A strong elevator pitch is (or should be) a key part of your company’s marketing strategy. Can you describe what your business is and how it solves problems in 30-40 seconds? If not, you’re missing out on a great opportunity to build new connections and boost awareness of your brand.
When does an elevator speech come in handy? Opportunities can appear in a wide range of settings. But where you’ll use it most often is at events that revolve around in-person networking – especially at trade shows, industry seminars, business conferences, and so on. You can also use it to great advantage during more informal business gatherings, when you’re meeting people for the first time who are naturally curious about you and your company.
Just remember, an elevator pitch isn’t a hard sell. When communicating with strangers or prospective customers, Inc. notes, “If you’ve only just met them, the best you can ask for is a sympathetic hearing, not a commitment.”
What’s the ideal way to put together your elevator speech?
- Put words to paper (or on a screen).Get all of your thoughts down for the all-important first draft, knowing beforehand that you’ll be cutting much of it as you move forward. Remember, you have 30-40 seconds at most to make the best case for your business.
- Describe the problem your target audience faces. Then talk about how your products or services not only address that problem, but offer a working, cost-effective solution.
- Emphasize the “differentiation factor. Say something about what makes your business different from the competition. Focus on your value proposition and the ways in which your company offers the best options for customers.
- Anticipate likely questions. A good pitch will generate one or more questions from interested listeners. You probably know from past experience what those questions are likely to concern. Be prepared with quick responses that will satisfy people’s initial curiosity.
Also–and perhaps most importantly–keep your wording simple. In the majority of circumstances, those who are willing to hear out your elevator speech have little or no idea about your industry in general. Using jargon specific to your business, or acronyms that only insiders would know, is virtually guaranteed to make their attention fade. Any technical or obscure words or phrases should be cut after your initial draft.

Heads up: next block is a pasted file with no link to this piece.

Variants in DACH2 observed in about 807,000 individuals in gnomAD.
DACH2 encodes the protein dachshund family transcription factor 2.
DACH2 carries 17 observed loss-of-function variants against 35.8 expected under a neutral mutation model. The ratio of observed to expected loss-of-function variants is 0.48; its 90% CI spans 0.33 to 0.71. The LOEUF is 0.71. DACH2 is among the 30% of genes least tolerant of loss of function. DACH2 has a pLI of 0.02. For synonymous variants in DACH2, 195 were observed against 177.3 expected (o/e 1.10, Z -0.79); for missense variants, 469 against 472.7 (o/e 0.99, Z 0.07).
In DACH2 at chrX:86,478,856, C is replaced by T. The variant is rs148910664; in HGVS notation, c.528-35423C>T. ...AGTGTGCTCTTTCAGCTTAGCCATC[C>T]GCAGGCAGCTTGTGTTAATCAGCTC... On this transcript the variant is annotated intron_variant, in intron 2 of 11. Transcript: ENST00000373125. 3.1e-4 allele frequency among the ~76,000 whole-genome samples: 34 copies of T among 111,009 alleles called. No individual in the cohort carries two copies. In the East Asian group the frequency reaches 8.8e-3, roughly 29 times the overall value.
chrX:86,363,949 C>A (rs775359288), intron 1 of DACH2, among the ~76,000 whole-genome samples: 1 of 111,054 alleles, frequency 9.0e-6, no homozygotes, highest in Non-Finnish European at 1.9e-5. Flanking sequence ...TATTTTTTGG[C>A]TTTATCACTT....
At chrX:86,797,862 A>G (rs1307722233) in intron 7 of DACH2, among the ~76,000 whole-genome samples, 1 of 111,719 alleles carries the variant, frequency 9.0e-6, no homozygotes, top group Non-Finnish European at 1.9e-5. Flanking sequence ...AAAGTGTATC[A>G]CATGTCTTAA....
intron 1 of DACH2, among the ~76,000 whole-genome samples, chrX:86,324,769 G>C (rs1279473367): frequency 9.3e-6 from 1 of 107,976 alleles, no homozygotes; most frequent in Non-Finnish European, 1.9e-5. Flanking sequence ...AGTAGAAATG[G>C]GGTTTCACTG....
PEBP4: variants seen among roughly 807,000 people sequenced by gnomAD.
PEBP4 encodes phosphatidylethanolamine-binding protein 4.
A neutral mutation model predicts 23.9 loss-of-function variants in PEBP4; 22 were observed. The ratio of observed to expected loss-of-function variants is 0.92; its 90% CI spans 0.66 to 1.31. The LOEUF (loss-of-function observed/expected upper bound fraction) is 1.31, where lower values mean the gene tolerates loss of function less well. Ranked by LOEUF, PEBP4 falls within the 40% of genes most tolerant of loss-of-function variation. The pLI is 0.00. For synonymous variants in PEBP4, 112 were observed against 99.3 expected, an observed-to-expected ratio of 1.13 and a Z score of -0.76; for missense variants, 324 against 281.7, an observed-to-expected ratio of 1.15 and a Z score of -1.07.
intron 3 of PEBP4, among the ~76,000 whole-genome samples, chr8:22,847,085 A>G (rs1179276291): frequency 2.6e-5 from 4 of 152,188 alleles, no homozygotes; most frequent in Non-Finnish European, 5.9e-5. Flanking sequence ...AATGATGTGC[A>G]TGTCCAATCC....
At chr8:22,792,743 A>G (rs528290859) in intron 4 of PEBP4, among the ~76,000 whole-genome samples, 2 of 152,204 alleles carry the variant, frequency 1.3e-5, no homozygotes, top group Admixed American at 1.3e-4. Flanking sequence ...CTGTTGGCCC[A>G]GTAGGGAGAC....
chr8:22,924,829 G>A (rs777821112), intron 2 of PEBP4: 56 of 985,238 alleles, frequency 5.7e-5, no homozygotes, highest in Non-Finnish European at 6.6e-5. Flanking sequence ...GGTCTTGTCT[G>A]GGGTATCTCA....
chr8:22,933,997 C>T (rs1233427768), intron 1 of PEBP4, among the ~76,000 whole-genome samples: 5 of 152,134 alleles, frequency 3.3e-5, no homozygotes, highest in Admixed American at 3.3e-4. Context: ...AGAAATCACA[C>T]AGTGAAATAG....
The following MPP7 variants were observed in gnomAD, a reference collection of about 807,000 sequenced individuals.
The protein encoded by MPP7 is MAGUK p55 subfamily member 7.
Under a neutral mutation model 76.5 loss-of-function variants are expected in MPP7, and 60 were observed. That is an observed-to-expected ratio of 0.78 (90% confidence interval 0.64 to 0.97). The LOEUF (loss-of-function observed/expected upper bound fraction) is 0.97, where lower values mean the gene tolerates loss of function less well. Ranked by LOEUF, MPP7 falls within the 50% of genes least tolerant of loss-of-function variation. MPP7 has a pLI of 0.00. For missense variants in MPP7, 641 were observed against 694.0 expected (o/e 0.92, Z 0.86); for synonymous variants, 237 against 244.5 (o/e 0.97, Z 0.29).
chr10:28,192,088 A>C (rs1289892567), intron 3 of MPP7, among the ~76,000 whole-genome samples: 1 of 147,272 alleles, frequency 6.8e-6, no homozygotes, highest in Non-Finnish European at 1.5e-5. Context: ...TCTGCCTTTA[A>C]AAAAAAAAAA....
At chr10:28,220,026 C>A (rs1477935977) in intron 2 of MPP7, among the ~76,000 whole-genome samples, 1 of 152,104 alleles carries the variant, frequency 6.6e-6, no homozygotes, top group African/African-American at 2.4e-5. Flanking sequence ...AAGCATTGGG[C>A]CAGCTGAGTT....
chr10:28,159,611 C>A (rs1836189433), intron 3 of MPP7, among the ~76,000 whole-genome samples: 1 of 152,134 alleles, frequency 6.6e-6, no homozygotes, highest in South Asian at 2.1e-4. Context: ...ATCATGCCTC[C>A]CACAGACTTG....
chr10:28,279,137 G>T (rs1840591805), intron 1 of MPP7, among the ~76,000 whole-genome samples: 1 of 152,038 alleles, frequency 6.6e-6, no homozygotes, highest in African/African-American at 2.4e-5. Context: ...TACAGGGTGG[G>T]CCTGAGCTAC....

Put together versions of your pitch in differing lengths. Having more than one pitch in your marketing arsenal, Forbes notes, “can ensure you are always successful in getting your message across, without any embarrassing silences, or mumbling to race the words off your tongue.”
Practice, practice, practice!
What they say about how to get to Carnegie Hall applies equally to your elevator speech. If you want to describe your business in the best possible light in 30-40 seconds, it must come across in an enthusiastic and apparently spontaneous manner. (Of course, it’s anything but spontaneous!) To achieve this goal, it’s necessary to practice a lot.
Start by giving your pitch in front of the mirror. Listen to how well you deliver, or if you stumble over certain spots. Keep your delivery conversational, not rushed. Add some inflection in your voice, so as to communicate excitement about your business. Keep practicing until you have the pitch honed down to an appropriate length.
Then “practice your pitch in front of your friends and ask their opinion.” Encourage friends and colleagues to be honest in their critique, pointing out what worked in your delivery and where it fell short. Use this feedback to go back and refine a bit more.
After that, it’s time to try out your mini-speech on people who have no knowledge of your business and its goods or services. Pay close attention to their facial expressions and body language–any nonverbal cues that alert you to what commands the most attention on their part, and what causes their eyes to glaze over. This can help immeasurably in your final efforts to refine the pitch.
This may seem like a time-consuming task, of which you already have plenty. But you’ll be very glad you took the time to get your elevator speech right, the next time you find yourself in an impromptu conversation with a prospective client or a key decision-maker. Your ability to wow them with a quick, to-the-point description of the value your business provides could pave the way to the next big sale.